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I am crosscompiling a library for ARM processor running Linux. My host is Intel x86 / Ubuntu. When I compile and run on my host machine, everything works well. However, ...
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  1. #1
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    pthread_mutex_lock segmentation FAULT


    I am crosscompiling a library for ARM processor running Linux. My host is
    Intel x86 / Ubuntu. When I compile and run on my host machine,
    everything works well. However, when I compile, link and run an example
    program on the target, it results in Segmentation Fault. In particular,

    The library creates a FEW mutexes and has numerous operations to create, lock, release those mutexes. For a while, it works ok. Mutexes are created, locked and released on the traget. But after a point, suddely, it crashes with Segmentation Fault in the lock step :

    pthread_mutex_lock(this=0x20005,hMutex=0x7500) //random numbers
    Program Recd signal SIGSEGV


    I am unable to reason out under what conditions this error may happen. Since the system is able to lock mutexes in many instances before. Plus, this error does not happen on Ubuntu but happens on the target device.

    What can I do to debug this problem and find a solution, Please advice, VERY URGENT

  2. #2
    Linux Guru Rubberman's Avatar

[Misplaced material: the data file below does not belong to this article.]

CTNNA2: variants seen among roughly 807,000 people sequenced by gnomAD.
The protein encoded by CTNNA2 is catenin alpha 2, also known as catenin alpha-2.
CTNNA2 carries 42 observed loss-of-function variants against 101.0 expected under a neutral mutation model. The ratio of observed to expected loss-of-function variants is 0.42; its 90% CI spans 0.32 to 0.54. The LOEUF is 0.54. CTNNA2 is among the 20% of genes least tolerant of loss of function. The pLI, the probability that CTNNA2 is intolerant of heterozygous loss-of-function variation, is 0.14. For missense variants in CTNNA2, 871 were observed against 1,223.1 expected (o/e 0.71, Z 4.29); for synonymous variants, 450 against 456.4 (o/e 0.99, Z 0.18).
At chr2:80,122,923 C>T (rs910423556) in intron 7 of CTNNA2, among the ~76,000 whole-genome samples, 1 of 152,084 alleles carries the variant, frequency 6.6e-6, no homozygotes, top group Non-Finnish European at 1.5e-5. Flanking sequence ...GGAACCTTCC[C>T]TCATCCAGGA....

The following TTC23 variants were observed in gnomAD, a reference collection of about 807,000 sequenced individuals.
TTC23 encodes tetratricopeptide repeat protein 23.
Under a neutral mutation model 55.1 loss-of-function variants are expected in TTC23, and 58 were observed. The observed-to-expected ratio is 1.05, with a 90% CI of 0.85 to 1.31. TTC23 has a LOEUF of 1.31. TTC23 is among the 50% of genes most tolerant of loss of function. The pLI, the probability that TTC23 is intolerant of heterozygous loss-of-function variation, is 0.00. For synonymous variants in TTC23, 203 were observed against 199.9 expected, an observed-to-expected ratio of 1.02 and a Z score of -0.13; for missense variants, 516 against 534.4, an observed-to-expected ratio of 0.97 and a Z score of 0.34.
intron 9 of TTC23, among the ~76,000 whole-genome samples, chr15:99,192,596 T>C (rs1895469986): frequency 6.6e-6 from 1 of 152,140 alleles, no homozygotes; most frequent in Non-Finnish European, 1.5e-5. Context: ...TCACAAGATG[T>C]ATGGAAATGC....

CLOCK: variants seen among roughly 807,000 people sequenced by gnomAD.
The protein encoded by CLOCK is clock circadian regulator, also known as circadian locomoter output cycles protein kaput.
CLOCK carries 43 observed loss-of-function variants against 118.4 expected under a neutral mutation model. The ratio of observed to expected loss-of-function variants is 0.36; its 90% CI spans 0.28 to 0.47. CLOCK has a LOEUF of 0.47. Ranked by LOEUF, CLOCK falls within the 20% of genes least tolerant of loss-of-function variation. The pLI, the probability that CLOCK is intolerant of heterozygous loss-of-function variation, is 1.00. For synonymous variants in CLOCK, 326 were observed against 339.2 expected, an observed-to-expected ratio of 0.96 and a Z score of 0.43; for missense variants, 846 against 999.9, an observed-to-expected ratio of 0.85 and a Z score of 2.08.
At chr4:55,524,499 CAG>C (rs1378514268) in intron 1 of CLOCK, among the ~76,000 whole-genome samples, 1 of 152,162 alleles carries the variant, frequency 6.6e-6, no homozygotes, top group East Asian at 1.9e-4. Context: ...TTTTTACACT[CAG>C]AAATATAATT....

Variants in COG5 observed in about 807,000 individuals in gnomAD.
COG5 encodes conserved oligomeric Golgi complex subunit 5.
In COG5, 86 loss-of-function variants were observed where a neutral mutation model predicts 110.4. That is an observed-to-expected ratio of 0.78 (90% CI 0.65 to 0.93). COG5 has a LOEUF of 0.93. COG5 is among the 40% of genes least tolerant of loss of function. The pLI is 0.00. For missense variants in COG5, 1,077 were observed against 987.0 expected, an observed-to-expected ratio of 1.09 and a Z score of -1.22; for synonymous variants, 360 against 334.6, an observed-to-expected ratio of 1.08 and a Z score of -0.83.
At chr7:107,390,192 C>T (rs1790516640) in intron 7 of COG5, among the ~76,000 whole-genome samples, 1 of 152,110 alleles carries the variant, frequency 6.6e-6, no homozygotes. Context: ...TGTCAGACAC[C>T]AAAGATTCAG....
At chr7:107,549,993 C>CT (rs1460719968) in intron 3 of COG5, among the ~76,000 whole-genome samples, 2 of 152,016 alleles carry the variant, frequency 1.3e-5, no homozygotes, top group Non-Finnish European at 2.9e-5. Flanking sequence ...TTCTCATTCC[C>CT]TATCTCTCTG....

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    Well, I don't know about your implementation of pthreads, but on my CentOS/RHEL system, the signature for pthread_mutex_lock is:
    Code:
    int pthread_mutex_lock(pthread_mutex_t *mutex);
    This isn't how you are apparently calling the function.
    Sometimes, real fast is almost as good as real time.
    Just remember, Semper Gumbi - always be flexible!

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    Thanks. the signature i used is correct. I was able to solve the problem. I tried a few cases and it worked. There was some problem in the function which was creating the mutex.

  4. #4
    Linux Guru Rubberman's Avatar
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    So, why the difference in function signatures? Is this a "custom" pthread implementation? Posix thread libraries at the same major version level at least should all have the same API's. What version are you running?
    Sometimes, real fast is almost as good as real time.
    Just remember, Semper Gumbi - always be flexible!

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    Hi

    I currently face the same problem. What did you do to solve it exactly?

    I use the following code to create the mutex:

    pthread_mutex_init(&semaphore_ptr->tx_mutex, NULL);

    and the following to lock:

    pthread_mutex_lock(&semaphore_ptr->tx_mutex);

    where semaphore_ptr is a pointer to a struct.

  6. #6
    Linux Guru Rubberman's Avatar
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    This is a very old thread. Please post your own and provide more details and code examples, especially where you are declaring and using your semaphore/mutex structures, etc.
    Sometimes, real fast is almost as good as real time.
    Just remember, Semper Gumbi - always be flexible!

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